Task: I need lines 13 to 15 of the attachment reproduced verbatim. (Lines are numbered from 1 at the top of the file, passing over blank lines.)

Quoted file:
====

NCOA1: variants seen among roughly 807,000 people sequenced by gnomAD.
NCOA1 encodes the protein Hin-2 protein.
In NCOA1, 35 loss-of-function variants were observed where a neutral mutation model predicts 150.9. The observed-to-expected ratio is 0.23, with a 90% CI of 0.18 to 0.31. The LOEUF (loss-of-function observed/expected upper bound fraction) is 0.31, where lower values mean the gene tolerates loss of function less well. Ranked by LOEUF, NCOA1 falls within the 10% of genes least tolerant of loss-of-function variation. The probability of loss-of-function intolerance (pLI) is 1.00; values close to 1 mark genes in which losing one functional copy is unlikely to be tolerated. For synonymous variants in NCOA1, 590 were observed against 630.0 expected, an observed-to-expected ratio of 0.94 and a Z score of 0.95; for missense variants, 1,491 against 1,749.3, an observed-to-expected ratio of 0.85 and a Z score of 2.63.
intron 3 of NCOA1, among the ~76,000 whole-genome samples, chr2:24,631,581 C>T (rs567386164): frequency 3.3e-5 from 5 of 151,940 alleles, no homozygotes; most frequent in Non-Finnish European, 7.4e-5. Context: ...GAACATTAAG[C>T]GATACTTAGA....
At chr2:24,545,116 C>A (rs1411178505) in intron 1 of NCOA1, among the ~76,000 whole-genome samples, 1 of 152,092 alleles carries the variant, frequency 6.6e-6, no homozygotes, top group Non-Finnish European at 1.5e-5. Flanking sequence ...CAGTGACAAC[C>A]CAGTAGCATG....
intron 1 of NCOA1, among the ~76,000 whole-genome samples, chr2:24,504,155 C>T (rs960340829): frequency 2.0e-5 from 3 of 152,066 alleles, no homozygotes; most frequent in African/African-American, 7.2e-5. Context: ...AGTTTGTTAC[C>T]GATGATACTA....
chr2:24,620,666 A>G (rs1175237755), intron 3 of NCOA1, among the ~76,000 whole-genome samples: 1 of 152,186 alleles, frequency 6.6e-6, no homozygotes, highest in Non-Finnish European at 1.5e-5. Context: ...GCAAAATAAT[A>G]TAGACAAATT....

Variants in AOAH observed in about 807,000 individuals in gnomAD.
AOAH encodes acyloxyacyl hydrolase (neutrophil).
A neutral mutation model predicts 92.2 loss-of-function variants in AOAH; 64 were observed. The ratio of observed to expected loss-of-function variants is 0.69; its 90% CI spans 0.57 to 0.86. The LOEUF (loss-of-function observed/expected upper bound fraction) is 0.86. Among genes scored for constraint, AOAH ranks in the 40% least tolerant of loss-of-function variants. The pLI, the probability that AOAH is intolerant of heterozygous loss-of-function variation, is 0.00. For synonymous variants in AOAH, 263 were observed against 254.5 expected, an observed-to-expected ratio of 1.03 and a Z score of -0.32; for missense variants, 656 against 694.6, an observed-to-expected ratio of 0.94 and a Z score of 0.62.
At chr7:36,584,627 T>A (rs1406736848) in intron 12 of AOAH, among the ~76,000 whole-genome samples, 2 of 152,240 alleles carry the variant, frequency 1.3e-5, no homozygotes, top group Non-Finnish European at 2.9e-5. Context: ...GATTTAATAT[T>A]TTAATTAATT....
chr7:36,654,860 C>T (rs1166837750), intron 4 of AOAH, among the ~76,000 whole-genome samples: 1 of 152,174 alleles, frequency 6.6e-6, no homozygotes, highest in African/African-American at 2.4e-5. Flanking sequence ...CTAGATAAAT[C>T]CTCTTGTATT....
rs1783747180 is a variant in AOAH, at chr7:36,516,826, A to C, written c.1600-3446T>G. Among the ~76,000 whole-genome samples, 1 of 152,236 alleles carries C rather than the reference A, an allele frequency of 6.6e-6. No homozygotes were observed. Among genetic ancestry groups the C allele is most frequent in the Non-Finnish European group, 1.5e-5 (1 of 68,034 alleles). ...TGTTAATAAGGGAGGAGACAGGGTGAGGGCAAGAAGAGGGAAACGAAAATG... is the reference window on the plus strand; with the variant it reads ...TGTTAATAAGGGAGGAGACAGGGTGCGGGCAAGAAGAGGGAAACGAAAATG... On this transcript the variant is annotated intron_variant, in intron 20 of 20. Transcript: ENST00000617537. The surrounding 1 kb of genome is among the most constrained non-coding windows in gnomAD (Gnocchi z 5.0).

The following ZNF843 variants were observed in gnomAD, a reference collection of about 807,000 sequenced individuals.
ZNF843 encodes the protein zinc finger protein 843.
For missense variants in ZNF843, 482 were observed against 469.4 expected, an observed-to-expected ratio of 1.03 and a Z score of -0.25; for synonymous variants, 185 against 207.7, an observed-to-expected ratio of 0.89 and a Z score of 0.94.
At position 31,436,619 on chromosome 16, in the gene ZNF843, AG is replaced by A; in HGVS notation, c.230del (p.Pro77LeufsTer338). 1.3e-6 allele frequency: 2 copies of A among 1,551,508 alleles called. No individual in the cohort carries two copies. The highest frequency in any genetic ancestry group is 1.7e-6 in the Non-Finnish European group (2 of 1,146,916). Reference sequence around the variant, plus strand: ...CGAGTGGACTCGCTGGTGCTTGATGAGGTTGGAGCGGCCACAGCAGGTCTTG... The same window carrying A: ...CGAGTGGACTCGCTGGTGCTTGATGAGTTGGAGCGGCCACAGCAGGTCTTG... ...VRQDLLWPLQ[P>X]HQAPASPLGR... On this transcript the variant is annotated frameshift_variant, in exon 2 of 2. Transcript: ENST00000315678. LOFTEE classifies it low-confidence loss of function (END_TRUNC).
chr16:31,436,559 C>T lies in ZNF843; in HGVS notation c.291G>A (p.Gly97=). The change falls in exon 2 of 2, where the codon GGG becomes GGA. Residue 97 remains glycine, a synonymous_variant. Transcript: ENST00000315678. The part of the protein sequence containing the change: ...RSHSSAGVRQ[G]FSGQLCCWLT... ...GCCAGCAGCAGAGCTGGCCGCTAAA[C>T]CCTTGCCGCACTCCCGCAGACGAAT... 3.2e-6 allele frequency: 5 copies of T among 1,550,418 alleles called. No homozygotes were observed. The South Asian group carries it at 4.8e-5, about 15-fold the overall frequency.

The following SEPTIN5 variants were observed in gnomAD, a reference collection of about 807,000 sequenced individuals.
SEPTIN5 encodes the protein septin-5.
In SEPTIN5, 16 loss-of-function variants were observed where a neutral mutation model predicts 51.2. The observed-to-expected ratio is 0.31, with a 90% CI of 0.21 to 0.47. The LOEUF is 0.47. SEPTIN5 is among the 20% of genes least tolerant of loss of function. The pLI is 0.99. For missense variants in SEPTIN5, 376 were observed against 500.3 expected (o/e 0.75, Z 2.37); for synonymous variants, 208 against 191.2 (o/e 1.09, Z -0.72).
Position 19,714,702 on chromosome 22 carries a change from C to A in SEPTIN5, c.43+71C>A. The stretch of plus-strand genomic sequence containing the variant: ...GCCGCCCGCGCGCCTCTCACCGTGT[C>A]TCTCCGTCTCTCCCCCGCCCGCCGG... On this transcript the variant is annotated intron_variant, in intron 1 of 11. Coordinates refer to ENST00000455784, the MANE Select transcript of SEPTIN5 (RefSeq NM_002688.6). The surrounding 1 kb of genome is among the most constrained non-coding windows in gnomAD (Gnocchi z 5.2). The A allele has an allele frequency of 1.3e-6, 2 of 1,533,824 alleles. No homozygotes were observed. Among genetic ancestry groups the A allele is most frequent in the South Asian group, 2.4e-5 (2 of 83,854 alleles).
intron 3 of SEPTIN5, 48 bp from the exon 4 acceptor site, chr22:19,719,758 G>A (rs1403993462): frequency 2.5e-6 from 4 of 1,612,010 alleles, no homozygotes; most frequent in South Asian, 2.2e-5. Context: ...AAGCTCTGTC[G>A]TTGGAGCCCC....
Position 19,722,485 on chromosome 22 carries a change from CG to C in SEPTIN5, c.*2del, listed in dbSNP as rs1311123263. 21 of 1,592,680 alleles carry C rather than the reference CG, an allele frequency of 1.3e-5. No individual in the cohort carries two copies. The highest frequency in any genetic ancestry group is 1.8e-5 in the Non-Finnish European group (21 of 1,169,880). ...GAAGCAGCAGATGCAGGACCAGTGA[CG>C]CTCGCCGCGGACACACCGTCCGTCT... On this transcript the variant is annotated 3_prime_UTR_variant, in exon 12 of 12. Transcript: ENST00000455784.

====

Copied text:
rs1783747180 is a variant in AOAH, at chr7:36,516,826, A to C, written c.1600-3446T>G. Among the ~76,000 whole-genome samples, 1 of 152,236 alleles carries C rather than the reference A, an allele frequency of 6.6e-6. No homozygotes were observed. Among genetic ancestry groups the C allele is most frequent in the Non-Finnish European group, 1.5e-5 (1 of 68,034 alleles). ...TGTTAATAAGGGAGGAGACAGGGTGAGGGCAAGAAGAGGGAAACGAAAATG... is the reference window on the plus strand; with the variant it reads ...TGTTAATAAGGGAGGAGACAGGGTGCGGGCAAGAAGAGGGAAACGAAAATG... On this transcript the variant is annotated intron_variant, in intron 20 of 20. Transcript: ENST00000617537. The surrounding 1 kb of genome is among the most constrained non-coding windows in gnomAD (Gnocchi z 5.0).

The following ZNF843 variants were observed in gnomAD, a reference collection of about 807,000 sequenced individuals.
ZNF843 encodes the protein zinc finger protein 843.